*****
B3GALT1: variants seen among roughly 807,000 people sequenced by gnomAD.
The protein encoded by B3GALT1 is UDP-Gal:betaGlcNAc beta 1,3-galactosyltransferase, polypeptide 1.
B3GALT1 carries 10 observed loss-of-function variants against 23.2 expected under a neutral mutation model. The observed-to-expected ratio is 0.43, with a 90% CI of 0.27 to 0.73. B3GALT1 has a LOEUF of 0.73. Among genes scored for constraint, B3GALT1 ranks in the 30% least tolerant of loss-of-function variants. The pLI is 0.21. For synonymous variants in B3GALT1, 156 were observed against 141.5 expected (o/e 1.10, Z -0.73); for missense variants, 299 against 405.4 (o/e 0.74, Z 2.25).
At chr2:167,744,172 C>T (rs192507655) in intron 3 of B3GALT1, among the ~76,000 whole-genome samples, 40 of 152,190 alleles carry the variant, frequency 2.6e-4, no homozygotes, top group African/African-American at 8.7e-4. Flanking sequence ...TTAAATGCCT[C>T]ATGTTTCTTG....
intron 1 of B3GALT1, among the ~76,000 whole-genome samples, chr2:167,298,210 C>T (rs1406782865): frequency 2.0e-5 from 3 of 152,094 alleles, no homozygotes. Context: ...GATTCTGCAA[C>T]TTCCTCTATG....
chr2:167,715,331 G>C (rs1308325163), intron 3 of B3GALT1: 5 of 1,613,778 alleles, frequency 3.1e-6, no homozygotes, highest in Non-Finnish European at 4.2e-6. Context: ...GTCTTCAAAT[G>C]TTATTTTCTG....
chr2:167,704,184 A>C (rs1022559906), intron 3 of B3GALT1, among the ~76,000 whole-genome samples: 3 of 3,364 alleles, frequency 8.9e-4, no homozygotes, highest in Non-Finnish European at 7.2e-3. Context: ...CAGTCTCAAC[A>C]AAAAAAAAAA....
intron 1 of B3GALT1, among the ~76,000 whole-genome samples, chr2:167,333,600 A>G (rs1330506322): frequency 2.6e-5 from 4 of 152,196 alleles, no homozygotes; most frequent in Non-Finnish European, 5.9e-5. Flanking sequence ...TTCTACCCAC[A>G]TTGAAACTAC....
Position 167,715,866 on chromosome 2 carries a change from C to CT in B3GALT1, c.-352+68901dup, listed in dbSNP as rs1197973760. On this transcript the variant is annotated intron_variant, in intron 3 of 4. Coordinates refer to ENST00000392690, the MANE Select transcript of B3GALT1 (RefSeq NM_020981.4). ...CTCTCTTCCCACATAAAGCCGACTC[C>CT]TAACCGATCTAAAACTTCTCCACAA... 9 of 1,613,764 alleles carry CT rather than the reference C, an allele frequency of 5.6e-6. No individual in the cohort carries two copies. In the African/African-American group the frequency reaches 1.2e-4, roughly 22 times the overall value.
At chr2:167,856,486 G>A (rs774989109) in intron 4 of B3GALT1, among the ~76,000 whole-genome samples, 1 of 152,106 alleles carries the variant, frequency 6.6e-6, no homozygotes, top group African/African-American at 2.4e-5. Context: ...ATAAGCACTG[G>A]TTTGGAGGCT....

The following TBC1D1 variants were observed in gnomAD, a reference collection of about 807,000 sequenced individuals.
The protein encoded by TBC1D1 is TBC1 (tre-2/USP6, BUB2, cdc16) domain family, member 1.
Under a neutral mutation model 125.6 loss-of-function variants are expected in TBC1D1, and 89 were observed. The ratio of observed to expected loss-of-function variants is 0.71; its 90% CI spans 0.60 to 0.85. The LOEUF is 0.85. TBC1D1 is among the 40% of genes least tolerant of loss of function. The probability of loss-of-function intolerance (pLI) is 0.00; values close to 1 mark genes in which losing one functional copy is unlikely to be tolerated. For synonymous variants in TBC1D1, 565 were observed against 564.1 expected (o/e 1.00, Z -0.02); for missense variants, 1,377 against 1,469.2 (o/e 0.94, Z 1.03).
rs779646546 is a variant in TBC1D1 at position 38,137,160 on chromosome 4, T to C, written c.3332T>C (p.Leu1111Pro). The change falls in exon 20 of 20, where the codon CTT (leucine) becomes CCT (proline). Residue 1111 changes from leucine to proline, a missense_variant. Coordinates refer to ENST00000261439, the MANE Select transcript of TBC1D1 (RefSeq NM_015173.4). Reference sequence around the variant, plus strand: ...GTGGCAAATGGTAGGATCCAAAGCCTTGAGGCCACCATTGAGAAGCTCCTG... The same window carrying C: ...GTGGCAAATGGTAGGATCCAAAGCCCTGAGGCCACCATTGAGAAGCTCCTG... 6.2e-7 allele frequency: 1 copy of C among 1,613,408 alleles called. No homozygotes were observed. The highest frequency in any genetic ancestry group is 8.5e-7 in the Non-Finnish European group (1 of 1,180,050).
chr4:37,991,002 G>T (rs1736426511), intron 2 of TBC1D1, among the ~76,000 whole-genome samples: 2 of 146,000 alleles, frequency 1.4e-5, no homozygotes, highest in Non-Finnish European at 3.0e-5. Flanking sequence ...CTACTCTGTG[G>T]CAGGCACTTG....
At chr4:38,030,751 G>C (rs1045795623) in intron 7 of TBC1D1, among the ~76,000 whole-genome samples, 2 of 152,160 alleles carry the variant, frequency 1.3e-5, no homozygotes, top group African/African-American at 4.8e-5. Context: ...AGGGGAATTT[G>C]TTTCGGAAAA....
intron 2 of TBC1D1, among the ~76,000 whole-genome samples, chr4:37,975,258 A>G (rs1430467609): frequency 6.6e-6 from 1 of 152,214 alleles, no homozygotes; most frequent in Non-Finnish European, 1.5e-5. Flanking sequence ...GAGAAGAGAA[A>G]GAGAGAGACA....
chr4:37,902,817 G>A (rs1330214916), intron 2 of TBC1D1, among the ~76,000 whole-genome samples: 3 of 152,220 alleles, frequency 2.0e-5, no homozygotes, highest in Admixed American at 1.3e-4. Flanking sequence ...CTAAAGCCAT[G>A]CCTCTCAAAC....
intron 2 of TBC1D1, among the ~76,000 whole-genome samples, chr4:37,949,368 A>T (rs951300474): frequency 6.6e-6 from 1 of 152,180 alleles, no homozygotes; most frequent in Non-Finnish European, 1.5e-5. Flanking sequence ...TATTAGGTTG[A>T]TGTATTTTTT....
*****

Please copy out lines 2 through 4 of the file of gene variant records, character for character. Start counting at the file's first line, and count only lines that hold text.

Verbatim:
The protein encoded by B3GALT1 is UDP-Gal:betaGlcNAc beta 1,3-galactosyltransferase, polypeptide 1.
B3GALT1 carries 10 observed loss-of-function variants against 23.2 expected under a neutral mutation model. The observed-to-expected ratio is 0.43, with a 90% CI of 0.27 to 0.73. B3GALT1 has a LOEUF of 0.73. Among genes scored for constraint, B3GALT1 ranks in the 30% least tolerant of loss-of-function variants. The pLI is 0.21. For synonymous variants in B3GALT1, 156 were observed against 141.5 expected (o/e 1.10, Z -0.73); for missense variants, 299 against 405.4 (o/e 0.74, Z 2.25).
At chr2:167,744,172 C>T (rs192507655) in intron 3 of B3GALT1, among the ~76,000 whole-genome samples, 40 of 152,190 alleles carry the variant, frequency 2.6e-4, no homozygotes, top group African/African-American at 8.7e-4. Flanking sequence ...TTAAATGCCT[C>T]ATGTTTCTTG....